KSH’s strategy extends to the expansion of its overseas footprint. KSH has for years been active in the China property market. It has recently partnered with home-grown companies Heeton and Lian Beng in its forays into the Australia property and Japan/UK hospitality markets. While KSH typically has less than 30% stakes in such projects, this represents a prudent move which spreads risk across the JV partners.

Incidentally, this strategy is the source of KSH’s Gaobeidian project which was the fillip for KSH’s share price a year before. Furthermore, a recent corporate presentation by KSH presents a good picture of its part-owned hotel portfolio. While these are mostly budget to mid-tier hotels, there does appear to be a possibility for these properties to be incorporated into a Reit or divested at some stage.

 

Negative Factors

Notwithstanding the above positive factors, several risk factors exist, though these apply to construction companies generally.

1. Increasing operating costs

Like all other contractors in the construction industry, KSH is affected by the restriction in the number of foreign workers, increases in levies as well as rising dormitory costs. In 2017, BCA stated its aim to reduce the number of foreign construction works by up to 30% by 2020. This would translate into higher tender costs. For instance, according to data from BCA, the tender price index has increased by about 2.3% between 2017 and 2018Q3. While these cost increases would have been factored into the tender prices of recent projects, the risk is that input prices may further accelerate in the future.

2. Mid-term weakness in the Singapore property and construction markets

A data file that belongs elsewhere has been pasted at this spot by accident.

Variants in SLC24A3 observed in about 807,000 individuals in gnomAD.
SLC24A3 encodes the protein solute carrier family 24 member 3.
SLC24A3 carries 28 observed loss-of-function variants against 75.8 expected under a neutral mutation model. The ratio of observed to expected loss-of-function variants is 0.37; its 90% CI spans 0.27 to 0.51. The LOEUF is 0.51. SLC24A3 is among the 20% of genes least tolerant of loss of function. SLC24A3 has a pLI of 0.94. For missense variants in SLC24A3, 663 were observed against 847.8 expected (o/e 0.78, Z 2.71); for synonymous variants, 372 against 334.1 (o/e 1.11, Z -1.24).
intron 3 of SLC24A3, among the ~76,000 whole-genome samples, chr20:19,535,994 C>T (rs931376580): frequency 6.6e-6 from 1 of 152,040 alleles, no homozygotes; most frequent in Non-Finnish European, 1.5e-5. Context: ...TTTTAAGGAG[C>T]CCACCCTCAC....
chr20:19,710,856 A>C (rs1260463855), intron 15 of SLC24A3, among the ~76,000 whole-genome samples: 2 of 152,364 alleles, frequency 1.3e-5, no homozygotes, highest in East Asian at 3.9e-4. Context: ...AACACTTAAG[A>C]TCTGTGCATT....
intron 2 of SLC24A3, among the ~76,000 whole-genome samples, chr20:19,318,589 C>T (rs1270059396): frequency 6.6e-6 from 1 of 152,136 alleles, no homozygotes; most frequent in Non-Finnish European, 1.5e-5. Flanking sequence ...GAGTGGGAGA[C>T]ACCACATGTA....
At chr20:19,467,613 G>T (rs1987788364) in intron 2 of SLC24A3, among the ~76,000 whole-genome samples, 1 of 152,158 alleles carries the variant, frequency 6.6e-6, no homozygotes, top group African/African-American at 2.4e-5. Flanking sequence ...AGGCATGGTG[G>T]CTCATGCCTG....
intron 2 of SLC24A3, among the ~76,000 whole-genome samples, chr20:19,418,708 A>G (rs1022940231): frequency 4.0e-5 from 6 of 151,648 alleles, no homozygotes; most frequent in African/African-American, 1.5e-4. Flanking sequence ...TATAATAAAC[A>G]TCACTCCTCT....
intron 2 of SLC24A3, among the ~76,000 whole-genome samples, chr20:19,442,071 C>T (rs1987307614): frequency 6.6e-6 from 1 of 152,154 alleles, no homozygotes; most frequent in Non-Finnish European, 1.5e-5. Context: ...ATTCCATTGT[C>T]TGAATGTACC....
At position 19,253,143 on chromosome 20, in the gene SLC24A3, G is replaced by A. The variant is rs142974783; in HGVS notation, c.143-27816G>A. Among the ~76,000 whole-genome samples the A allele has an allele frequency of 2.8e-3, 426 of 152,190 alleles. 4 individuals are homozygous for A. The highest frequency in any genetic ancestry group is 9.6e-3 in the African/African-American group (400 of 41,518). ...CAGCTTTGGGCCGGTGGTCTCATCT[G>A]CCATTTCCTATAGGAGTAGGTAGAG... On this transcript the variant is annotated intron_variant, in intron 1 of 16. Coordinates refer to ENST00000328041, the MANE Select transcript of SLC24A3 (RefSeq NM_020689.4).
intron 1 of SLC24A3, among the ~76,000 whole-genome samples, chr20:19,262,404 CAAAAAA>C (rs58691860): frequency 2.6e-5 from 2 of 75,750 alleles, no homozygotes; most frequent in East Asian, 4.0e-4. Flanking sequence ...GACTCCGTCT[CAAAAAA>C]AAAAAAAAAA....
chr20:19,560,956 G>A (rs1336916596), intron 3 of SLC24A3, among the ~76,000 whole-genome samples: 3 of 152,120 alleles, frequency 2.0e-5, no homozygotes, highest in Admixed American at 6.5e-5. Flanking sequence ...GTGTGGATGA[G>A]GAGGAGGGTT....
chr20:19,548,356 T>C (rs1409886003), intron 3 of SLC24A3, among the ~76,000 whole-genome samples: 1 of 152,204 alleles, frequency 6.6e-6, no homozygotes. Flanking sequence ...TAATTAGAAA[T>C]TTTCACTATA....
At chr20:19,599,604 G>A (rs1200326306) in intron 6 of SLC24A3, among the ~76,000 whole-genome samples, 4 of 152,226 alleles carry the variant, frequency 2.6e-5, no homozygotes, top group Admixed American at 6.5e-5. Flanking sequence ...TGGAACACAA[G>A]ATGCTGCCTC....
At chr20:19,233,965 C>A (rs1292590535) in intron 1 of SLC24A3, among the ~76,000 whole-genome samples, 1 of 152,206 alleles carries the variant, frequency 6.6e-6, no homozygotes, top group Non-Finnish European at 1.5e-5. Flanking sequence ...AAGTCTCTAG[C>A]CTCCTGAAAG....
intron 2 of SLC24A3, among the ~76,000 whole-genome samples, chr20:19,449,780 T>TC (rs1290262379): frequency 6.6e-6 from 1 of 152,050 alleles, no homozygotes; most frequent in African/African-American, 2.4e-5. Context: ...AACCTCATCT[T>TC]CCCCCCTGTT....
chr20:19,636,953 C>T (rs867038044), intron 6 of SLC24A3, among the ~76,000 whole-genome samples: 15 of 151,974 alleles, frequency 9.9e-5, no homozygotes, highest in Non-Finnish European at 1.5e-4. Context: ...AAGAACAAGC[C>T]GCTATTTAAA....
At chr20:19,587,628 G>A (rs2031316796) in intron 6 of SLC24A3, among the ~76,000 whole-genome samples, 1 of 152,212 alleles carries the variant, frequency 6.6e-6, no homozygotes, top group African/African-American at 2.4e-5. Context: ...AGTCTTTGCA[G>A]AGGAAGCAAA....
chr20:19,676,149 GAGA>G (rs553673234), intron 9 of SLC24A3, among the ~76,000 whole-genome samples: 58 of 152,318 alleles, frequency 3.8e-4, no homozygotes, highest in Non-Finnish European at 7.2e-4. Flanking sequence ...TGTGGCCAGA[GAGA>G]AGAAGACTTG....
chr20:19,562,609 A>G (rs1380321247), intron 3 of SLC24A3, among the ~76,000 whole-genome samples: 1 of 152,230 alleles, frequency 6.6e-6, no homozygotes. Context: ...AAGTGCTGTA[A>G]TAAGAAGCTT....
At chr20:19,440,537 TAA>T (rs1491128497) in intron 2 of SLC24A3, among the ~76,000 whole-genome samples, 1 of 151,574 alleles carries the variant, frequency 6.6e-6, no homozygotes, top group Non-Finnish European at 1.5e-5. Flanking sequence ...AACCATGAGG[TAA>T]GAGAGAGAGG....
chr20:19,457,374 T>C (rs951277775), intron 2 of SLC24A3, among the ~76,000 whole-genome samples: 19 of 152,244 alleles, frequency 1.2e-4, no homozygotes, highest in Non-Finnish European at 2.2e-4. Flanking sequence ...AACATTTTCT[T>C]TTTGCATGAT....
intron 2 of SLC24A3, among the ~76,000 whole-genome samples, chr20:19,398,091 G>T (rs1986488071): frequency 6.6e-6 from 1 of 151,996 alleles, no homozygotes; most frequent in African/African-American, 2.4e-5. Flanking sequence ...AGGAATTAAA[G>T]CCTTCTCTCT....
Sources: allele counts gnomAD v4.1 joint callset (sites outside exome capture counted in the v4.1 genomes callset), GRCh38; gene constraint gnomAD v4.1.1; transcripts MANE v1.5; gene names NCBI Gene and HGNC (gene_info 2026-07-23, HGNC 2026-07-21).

In July 2018, the Singapore government abruptly announced cooling measures for the Singapore property market, which dampened the share prices of construction and property companies, and (to an arguably lesser extent) the demand for residential purchases. While KSH has a strong balance sheet, its finances may deteriorate if the property market enters a sharp decline and/or if additional cooling measures are announced.

3. Rising financing costs

While KSH is lowly geared, the majority (S$76m) of its debt are repayable within one year. Should interest rates rise (which is likely), these interest-bearing liabilities may have to be financed at a much higher rate of interest. A 1% increase in the cost of financing would thus trim operating profit by about S$1.4m, not including the impact to associates. This would be an issue if the current cash reserves are not efficiently deployed.

 

Conclusion:

This analysis has refrained from factoring in any of the potential upside from KSH’s Gaobeidian project, which would be a bonus if and when it materialises. Nonetheless, based on its track record, investment portfolio and latest order book, KSH looks attractive among its mid-cap construction/property peers. It is reminiscent of a previous undervalued stock (Hiap Hoe) that was previously featured here but which has since doubled. There’s no reason why KSH cannot emulate this feat in the next 1-2 years and surpass its previous high of 91c. BUY.

 

Key recent rvents:

  • Oct 2018: KSH and its partners delayed launching Phase 1 of the Gaobeidian project, citing poor market sentiments from the on-going trade war between the United States and the People’s Republic of China
  • Oct 2018: KSH and its partners acquired Hotel Indigo Glasgow in UK
  • Aug 2018: KSH was awarded a S$266m contract to construct Riverside Residences
  • Aug 2018: KSH and its partners acquired Smile Hotel Asakusa in Tokyo, Japan
  • Jul 2018: KSH and its partners disposed of 7 strata office units in Prudential Tower
  • Mar 2018: KSH and its partners acquired a land parcel in Geylang for residential development
  • Apr 2017: China designated three counties in Hebei Province as the Xiongan New Area, which is adjacent to a large 533.3ha land parcel that KSH and its partners plan to build up to 50,000 residential units. KSH has a 22.5% stake in the Gaobeidian project.


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Last Updated ( Wednesday, 05 December 2018 01:51 )